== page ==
Examples, practice problems, or both? Effects on motivation and learning in shorter and longer sequences
Research suggests some sequences of examples and problems (i.e., EE, EP) are more effective (higher test performance) and efficient (attained with equal/less mental effort) than others (PP, sometimes also PE). Recent findings suggest this is due to motivational variables (i.e., self-efficacy), but did not test this during the training phase. Moreover, prior research used only short task sequences. Therefore, we investigated effects on motivational variables, effectiveness, and efficiency in a short (Experiment 1; four learning tasks; n = 157) and longer task sequence (Experiment 2; eight learning tasks; n = 105). With short sequences, all example conditions were more effective, efficient, and motivating than PP. With longer sequences, all example conditions were more motivating and efficient than PP, but only EE was more effective than PP. Moreover, EE was most efficient during training, regardless of sequence length. These results suggest that example study (only) is more effective, efficient, and more motivating than PP.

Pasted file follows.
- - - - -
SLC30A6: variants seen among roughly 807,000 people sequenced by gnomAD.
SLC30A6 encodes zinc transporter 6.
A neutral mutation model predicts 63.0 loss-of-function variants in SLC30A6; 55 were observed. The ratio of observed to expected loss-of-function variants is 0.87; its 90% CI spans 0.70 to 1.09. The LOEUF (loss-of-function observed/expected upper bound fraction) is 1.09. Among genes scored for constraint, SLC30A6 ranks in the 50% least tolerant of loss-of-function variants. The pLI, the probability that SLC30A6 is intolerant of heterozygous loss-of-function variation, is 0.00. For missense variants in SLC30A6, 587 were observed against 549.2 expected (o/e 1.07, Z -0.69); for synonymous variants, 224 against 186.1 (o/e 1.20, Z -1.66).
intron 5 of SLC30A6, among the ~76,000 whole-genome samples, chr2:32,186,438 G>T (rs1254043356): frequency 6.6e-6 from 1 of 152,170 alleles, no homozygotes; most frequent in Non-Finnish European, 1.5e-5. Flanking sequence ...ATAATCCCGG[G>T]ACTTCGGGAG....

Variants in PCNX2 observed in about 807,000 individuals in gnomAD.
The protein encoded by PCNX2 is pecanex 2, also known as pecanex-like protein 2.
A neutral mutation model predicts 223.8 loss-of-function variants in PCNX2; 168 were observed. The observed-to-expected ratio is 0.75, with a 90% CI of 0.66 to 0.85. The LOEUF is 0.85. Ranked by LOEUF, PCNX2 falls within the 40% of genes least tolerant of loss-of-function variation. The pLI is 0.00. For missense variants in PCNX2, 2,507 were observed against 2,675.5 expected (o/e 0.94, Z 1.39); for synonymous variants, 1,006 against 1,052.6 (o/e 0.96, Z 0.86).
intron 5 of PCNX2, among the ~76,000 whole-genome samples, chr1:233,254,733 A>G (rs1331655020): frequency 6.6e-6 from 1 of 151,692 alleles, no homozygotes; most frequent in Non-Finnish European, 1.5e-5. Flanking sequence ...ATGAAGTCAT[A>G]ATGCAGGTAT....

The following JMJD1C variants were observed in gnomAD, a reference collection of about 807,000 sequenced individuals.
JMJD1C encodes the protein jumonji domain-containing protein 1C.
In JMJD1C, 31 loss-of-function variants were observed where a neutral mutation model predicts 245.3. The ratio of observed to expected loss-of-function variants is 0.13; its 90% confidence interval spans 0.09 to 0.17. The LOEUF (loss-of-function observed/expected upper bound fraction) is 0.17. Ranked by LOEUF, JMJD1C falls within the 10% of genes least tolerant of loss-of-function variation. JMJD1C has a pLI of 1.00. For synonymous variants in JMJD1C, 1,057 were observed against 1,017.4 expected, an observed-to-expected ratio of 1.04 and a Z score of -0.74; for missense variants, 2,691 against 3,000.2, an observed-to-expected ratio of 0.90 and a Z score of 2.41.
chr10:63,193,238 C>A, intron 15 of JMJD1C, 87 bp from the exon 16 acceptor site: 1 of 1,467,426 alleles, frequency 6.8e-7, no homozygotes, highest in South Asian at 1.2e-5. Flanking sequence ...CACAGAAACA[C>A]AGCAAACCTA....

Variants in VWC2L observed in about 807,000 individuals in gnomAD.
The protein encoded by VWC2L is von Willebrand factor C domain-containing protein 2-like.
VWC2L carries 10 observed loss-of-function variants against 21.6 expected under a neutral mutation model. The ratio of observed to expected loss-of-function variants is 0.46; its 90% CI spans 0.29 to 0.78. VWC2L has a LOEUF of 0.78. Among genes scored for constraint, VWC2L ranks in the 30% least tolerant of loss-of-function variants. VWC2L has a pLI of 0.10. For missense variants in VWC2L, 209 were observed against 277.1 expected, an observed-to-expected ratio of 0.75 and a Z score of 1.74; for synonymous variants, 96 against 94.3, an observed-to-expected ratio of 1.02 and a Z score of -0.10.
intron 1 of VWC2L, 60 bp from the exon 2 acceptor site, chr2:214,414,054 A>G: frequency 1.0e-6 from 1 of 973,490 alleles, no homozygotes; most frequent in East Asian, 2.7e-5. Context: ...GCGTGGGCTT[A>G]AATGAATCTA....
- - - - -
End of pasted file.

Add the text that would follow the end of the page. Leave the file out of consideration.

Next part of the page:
|Keywords||example-based learning, mental effort, problem-solving, self-efficacy, video modeling examples|
|Persistent URL||dx.doi.org/10.1002/acp.3649, hdl.handle.net/1765/125959|
|Series||VSNU Open Access deal|
|Journal||Applied Cognitive Psychology|
|Note||corresponding author at Avans Breda|
van Harsel, M. (Milou), Hoogerheide, V, Verkoeijen, P.P.J.L, & van Gog, T. (2020). Examples, practice problems, or both? Effects on motivation and learning in shorter and longer sequences. Applied Cognitive Psychology. doi:10.1002/acp.3649